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Gunnison city officials are appealing to the public for comment relative to a $750,000 culinary water improvement project after receiving a $100,000 grant from the Utah Community Impact Board for part of the financing.

Residents are asked to comment in writing by Dec. 31. They may enclose comments with payment of utility bills, or mail them to Gunnison City, P.O. Box 790, Gunnison, UT 84634, or the State Board of Water Resources, 1636 W. North Temple, Salt Lake City, UT 84116.The water board and the Safe Drinking Water Committee, sources where city officials are trying to get most of the financing, want public comments so they may be reviewed before board members take final action on a financing request in connection with a $600,000 water revenue bond. It is the policy of the committee and the board to order a 30-day period for public comment prior to the purchase of non-voted revenue bonds. Comments will also determine whether the board will require a bond election.

The water revenue bond would be amortized over 20 or 25 years with revenues from water services. The city would not be required to pay interest on the loan.

Gunnison City will pay $50,000 to make up the balance of the $750,000 needed for the project.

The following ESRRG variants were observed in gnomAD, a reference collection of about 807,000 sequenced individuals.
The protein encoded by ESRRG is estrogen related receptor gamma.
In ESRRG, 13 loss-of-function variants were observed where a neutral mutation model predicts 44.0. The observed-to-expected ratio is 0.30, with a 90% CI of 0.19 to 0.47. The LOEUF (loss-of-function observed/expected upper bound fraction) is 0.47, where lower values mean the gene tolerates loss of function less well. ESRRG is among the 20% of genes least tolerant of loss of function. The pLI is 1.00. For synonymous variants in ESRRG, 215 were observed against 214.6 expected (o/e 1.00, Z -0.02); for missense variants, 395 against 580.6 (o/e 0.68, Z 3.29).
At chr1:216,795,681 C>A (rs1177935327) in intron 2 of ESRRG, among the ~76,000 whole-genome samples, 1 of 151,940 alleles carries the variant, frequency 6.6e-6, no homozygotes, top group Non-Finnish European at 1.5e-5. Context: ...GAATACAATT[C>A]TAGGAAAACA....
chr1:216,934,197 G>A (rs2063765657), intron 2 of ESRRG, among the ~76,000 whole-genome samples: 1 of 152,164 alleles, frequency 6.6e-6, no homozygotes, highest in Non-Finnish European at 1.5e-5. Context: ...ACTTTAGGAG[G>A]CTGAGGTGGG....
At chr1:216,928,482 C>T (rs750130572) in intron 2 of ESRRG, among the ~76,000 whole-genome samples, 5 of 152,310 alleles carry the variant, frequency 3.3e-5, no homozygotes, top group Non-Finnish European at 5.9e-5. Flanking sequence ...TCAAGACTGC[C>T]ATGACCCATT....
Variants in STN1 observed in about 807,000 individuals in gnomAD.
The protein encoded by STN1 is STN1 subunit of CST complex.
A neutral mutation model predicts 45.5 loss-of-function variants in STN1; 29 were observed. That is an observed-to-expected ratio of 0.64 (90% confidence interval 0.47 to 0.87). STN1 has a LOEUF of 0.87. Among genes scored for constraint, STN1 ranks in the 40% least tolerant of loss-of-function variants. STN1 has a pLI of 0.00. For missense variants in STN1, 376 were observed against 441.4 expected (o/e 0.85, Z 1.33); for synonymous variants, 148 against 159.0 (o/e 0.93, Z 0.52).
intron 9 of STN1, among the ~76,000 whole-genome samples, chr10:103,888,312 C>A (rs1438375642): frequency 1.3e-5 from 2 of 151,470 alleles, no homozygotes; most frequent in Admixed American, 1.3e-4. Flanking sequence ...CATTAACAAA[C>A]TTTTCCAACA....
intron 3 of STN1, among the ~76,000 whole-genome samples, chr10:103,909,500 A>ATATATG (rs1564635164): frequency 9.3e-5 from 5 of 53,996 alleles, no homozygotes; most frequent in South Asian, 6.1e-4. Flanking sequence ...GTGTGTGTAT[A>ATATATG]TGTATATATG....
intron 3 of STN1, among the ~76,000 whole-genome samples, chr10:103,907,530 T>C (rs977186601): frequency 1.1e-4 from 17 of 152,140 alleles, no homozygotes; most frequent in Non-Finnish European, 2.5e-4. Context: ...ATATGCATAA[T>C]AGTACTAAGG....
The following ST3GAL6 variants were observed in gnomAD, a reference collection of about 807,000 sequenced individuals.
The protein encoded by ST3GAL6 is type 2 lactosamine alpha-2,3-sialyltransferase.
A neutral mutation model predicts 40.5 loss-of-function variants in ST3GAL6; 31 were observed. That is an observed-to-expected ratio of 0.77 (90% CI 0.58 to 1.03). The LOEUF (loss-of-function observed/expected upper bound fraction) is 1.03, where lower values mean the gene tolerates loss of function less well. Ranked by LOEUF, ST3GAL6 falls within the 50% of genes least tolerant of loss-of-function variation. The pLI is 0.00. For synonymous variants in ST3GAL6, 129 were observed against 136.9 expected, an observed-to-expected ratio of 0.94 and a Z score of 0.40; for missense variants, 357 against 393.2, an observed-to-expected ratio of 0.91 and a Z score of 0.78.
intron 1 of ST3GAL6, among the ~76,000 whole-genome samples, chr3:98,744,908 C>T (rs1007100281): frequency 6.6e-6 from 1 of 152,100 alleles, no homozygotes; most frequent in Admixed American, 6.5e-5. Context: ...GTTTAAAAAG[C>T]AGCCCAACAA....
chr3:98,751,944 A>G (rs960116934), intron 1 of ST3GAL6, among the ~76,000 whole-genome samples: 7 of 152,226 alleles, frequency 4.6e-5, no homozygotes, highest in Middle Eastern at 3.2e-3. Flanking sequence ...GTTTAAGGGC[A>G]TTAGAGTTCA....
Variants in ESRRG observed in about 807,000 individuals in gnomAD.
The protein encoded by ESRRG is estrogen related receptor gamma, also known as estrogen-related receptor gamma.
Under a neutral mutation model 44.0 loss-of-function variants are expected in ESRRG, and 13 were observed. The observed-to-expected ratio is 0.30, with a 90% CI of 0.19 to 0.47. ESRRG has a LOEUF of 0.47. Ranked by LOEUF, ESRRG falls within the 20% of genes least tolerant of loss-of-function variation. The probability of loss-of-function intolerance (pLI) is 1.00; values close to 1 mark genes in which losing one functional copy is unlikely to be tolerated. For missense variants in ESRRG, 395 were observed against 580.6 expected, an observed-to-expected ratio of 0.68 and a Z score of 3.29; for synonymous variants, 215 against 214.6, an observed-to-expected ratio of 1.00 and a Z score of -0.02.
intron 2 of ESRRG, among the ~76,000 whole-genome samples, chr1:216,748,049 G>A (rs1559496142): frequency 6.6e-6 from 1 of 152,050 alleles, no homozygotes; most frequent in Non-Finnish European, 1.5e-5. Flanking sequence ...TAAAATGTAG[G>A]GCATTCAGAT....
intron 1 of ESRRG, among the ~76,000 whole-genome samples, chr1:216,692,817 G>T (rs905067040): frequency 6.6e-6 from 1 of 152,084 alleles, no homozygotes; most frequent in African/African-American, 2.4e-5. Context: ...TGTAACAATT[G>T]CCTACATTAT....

Money for the CIB grant is obtained from mineral lease revenue received by the state. It has been received and is required to be used separately from other funding sources. Tim Jones, of Jones and DeMille Engineering in Richfield, said $75,000 can be released for initial project expenses but the remaining $25,000 can't be used until closing is completed for the finance package. This is expected about mid-March.

Townspeople are being advised of the proposed improvements to the culinary water system, the amount of the loan, method of repayment and how utility rates will be affected.

New residential water rates have been approved, costing homeowners $13.50 for the first 15,000 gallons of water and 65 cents for each thousand gallons in excess of that amount. The rates reflect an increase of about 11 percent.

City council members said the culinary water project will provide higher quality water for residents and assure a backup water supply when the quantity of water at the city's springs is reduced because of drought conditions. The city also provides water for the new regional state prison.

It was announced that a contract has been awarded to Webber Drilling to drill a well northwest of Gunnison, costing $57,100. Webber was the only firm to submit a bid.

The city council is also mulling the possibility of building a new swimming pool. The engineer estimated the cost would be between $400,000 and $500,000. Grants are not available, but a loan at 31/2 percent interest from the CIB may be a possibility, Jones told the council. It was recommended that officials in neighboring communities be contacted to see if they might be interested in forming a Gunnison Valley Recreational District that would be empowered to find funding sources for the pool.

In another matter, an increase in coal-hauling truck traffic and an accident has prompted the council to request approval from the Utah Department of Transportation to establish a reduced speed zone or passing lane near the Gunnison Thriftway on Main Street. The street is part of U.S. 89.